GOP Rep. Warren Kampf (R-Chester) offered some counterintuitive justification for PA’ s Voter ID law, saying that he believes the law may actually boost voter turnout during a town hall meeting in Phoenixville Monday evening.
The Phoenixville Patch had the story, reporting that Kampf, the incumbent in PA-157, said, “Georgia has a very similar law. They’ve had it for six years. And they had it in 2008 and in those communities which often are said to have been impacted by Voter ID laws, the turnout was actually far greater than it should have been demographically.”
The comparison Kampf draws fails to take into account vital information, however, as noted by the Huffington Post. For instance, in Georgia the voter ID law was implemented about two years before the next presidential election — not three months.
Furthermore, the increase in voter turnout to which Kampf alludes was more likely a result of a focused effort by the Obama campaign to register voters in the area, as opposed to a direct or even indirect result of the Voter ID law. And, as reported earlier today, the AFL-CIO estimates around 20 percent of the state doesn’t have valid ID.
“There isn’t a demonstrated situation where these sorts of laws have disenfranchised people,” he added. “And, honestly, I’m beginning to feel like this law may actually enfranchise people. [Though] I can’t guarantee that,” Kampf said.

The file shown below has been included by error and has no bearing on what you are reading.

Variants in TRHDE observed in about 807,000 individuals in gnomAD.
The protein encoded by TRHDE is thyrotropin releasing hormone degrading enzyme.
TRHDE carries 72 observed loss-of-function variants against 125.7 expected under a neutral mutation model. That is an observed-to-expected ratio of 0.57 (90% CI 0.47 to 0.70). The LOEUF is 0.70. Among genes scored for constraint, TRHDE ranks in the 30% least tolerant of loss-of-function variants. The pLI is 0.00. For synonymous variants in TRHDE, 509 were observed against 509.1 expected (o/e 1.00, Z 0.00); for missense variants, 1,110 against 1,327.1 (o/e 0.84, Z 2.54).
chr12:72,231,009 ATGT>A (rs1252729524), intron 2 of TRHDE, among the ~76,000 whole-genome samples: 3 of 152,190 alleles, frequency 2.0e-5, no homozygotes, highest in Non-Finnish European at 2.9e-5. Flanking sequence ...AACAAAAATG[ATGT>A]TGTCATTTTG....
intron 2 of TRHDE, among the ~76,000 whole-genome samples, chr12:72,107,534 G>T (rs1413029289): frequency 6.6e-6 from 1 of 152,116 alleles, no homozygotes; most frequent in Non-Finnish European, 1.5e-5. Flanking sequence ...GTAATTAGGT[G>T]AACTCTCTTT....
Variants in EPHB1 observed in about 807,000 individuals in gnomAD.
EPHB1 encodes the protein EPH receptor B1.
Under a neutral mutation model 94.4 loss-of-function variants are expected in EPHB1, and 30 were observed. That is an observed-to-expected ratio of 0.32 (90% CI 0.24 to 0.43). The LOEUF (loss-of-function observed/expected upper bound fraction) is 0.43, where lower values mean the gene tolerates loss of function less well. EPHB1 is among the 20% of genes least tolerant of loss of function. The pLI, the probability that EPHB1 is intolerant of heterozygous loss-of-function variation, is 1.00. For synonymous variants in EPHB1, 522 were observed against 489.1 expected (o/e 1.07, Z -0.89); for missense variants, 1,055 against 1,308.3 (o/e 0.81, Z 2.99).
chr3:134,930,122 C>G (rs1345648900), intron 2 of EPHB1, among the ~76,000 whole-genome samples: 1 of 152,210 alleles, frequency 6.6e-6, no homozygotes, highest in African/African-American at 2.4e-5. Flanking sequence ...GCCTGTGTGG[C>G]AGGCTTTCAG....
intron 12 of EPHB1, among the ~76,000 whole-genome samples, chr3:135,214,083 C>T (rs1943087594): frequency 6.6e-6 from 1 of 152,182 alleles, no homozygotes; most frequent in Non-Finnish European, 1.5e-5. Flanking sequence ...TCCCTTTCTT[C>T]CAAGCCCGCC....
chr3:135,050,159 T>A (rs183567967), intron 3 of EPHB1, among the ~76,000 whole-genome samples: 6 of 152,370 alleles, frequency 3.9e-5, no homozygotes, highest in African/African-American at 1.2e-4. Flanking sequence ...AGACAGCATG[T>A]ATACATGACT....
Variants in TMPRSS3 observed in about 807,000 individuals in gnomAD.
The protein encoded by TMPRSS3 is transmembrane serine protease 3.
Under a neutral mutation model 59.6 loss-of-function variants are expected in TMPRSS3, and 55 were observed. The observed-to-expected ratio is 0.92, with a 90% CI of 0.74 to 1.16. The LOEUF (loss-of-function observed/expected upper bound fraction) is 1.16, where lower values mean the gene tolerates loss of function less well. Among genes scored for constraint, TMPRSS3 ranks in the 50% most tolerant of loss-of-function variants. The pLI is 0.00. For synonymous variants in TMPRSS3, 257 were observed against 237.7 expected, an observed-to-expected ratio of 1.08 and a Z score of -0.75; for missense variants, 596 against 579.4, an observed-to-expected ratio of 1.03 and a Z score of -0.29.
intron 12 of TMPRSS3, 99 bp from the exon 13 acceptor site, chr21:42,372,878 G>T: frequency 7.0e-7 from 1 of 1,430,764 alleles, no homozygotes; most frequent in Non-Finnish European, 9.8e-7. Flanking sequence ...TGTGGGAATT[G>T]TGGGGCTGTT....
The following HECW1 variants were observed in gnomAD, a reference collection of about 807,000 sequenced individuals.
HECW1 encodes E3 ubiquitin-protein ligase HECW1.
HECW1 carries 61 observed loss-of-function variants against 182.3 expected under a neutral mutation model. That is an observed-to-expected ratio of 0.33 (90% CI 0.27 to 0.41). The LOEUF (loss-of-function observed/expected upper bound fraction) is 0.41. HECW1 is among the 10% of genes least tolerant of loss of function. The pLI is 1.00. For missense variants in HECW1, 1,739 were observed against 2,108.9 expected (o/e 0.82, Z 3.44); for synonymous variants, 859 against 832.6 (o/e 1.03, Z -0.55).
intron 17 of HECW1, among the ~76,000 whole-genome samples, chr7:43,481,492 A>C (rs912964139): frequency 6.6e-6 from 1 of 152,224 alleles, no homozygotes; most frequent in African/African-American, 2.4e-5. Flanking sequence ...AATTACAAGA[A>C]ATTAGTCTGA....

His opponent Paul Drucker responded to the comments in a press release, calling Kampf’s comments “preposterous” and “insulting.”
“He owes an explanation and an apology to the voters of the 157th District,” Drucker said. “The current administration has admitted that it lacks evidence of voter fraud in Pennsylvania. Despite this fact, Kampf and his GOP colleagues voted for this legislation which robs citizens of their right to vote and costs taxpayers $12 million.”
Drucker also said he is launching a Voter ID help line, accessible to all voters of any party affiliation in the district. He also said he plans to contact them directly by telephone and mail.
“I have spent my life standing up for the rights of others as both an elected official and attorney. The right to vote is fundamental to our democracy. I choose to be part of the solution, not part of the problem.”